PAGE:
The tech wizardry built into the civilization is amazing too. The production team sure hasn’t lost its knack for that. Things like the device that “phases out a circle of solid matter” (who knows what you call that?) or all the little artifacts, huds, and controls are awesome geek stuff.
Now on to the problems.
Mostly, it comes down to script flaws, and they aren’t even in big concept, but in execution. First of all, we have a fish out of water female protagonist experiencing this bigger world. Great! But the script botches it in several ways. 1) We get reveals into the world behind the curtain (the magic world) before she does. Big no no. We should have seen it all from her eyes. 2) Her dialog is mediocre with a mix of great lines and stinkers. (3) While her basic character is good, her arc minimalist, and her decisions poor. She falls for Titus’ BS? Almost falls for Balem’s after that? Come on. She’s also fairly passive / damsel in distress with Caine doing all the heavy lifting (literally and figuratively). He should have done that at the beginning, been her guide, but then she needed to come into her own. There isn’t even a good touch of death or mentor figure (ala Morpheus). The first Matrix follows proper heroic arcing. Jupiter evokes classic style movie, it should have kept the protagonist’s story spine closer to home. She is mostly buffeted by events, and only at the end makes a rather weak Act 2/3 transitional choice. The final ending choice is also lame. Returning to scrubbing toilets is failing to make a proper synthesis of the A and B stories (thesis and antithesis).
Caine too doesn’t have enough character. He needed some kind of edge or complexity. Their romance is far too perfunctory. Sure, he’s a hunk and rescues her. Sure she’s a gorgeous Ukrainian princess. But they just fall for each other completely without much real interaction.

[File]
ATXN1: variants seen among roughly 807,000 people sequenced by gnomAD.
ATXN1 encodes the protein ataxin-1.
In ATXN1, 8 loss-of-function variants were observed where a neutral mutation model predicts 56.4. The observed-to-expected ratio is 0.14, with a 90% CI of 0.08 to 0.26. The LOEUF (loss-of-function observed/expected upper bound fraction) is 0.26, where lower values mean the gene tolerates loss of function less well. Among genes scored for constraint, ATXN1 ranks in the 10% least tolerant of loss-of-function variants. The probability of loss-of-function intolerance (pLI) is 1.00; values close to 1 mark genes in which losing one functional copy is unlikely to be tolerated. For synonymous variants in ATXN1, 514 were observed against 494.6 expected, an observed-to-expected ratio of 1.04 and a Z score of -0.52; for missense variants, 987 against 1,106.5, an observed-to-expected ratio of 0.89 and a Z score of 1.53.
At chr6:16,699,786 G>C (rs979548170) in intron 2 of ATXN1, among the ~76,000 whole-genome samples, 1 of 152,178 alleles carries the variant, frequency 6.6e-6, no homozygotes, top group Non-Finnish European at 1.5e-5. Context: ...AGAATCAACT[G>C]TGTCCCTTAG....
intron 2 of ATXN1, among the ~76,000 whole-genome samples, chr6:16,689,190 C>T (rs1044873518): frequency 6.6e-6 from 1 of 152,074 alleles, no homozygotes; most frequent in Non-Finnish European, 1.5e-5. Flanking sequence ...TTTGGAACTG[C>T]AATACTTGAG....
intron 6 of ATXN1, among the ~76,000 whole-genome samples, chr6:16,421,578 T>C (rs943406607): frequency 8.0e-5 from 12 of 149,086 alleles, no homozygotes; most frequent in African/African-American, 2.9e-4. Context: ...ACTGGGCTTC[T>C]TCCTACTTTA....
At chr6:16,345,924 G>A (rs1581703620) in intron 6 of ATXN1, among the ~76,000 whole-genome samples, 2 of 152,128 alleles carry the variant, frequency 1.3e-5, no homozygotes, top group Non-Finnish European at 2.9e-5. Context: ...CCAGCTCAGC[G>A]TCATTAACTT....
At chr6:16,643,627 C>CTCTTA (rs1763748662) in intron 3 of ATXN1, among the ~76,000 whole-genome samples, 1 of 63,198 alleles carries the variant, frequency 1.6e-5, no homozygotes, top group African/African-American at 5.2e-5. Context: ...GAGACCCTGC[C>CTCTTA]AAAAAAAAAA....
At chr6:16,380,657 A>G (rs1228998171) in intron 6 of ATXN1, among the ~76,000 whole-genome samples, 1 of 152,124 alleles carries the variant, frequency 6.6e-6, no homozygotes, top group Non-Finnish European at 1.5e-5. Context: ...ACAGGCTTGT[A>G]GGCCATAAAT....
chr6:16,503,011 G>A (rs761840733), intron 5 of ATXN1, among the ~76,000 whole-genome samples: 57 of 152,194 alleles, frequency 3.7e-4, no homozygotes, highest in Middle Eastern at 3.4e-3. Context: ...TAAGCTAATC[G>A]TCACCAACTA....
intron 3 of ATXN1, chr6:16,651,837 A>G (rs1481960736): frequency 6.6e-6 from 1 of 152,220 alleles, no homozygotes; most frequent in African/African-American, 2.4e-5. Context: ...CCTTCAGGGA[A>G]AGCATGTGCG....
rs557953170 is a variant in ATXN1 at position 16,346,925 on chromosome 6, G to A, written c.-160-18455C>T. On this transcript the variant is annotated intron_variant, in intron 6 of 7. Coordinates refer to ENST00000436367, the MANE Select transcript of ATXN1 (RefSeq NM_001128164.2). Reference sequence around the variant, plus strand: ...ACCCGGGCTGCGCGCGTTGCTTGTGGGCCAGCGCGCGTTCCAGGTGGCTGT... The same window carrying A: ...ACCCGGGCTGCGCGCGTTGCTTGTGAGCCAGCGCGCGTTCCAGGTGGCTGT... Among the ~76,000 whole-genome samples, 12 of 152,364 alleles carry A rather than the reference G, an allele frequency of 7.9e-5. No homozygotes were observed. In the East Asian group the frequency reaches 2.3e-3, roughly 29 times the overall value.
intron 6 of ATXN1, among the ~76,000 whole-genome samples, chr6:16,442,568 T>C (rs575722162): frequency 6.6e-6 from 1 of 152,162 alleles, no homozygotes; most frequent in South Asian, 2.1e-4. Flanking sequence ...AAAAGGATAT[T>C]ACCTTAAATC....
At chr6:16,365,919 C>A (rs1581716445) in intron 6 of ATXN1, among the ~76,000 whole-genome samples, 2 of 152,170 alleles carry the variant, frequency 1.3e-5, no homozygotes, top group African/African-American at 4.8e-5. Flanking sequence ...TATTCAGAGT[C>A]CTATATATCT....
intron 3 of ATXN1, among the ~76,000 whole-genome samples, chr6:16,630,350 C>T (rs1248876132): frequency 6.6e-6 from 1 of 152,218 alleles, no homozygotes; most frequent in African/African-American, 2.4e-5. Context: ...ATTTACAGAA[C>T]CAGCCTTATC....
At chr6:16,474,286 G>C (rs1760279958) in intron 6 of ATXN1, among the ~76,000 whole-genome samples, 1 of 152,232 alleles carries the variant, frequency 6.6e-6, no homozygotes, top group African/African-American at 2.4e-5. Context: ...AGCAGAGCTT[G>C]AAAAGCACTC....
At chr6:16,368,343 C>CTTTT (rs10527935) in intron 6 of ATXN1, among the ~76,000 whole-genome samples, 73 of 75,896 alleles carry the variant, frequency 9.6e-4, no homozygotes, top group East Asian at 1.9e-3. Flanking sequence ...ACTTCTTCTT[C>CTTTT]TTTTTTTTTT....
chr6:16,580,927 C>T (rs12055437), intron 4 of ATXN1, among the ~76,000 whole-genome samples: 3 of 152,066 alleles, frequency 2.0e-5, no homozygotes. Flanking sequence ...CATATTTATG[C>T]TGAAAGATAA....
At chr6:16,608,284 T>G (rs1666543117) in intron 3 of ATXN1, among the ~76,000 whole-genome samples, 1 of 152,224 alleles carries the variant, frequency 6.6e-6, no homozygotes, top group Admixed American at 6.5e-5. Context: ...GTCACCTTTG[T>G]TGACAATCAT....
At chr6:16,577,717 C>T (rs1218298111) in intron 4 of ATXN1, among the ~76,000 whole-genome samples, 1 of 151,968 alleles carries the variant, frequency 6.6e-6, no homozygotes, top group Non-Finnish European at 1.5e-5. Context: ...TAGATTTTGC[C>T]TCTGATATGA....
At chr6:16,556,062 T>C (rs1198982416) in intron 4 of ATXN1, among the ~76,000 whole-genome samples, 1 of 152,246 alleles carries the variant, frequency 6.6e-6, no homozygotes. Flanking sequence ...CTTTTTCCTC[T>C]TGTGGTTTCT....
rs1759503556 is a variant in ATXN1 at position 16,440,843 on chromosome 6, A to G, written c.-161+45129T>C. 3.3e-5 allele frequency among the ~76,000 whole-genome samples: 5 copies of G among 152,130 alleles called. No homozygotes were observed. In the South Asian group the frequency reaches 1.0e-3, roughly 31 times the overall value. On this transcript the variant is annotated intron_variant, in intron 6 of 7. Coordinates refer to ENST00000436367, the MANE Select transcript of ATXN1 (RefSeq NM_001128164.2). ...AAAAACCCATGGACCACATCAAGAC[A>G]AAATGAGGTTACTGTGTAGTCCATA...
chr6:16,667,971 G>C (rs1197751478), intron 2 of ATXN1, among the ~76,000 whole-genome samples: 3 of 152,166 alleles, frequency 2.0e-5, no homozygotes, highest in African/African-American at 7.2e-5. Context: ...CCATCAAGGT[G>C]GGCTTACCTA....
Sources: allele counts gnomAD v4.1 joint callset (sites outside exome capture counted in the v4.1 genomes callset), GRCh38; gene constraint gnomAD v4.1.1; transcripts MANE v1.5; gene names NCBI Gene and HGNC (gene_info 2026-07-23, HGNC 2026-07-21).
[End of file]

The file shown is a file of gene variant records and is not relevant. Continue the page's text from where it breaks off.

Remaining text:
These are symptoms of the broader writing problem. There are so many elements jammed in here: complex world, action, romance, villains, more action, moral theme, a touch of humor, and even more action, that none of them get proper time for development. It’s not even that long a film, around two hours, and it moves at a breakneck pace, packing in the scenes and settings. But there’s too much action and far, far too little character development. Even cheeky Guardians of the Galaxy with its ridiculous wooden villain has more development — and certainly more chemistry going on between the team. I think it’s a rare case where the film would have been better being longer. An extra 30-40 minutes all focused on character (and a lot of structural rewrites) would have gone a long way.
Sigh. I still really really enjoyed this film. More than Guardians actually. I loved the whole atmosphere. And I don’t really understand why the critics maligned it so — or maybe they just don’t understand the grand sense of wonder that is at the core of the genre. Clearly the Wachowskis do, so flaws and all I bless them for it. But as usual, it could have been so much more. Didn’t some producer ask where the arc is?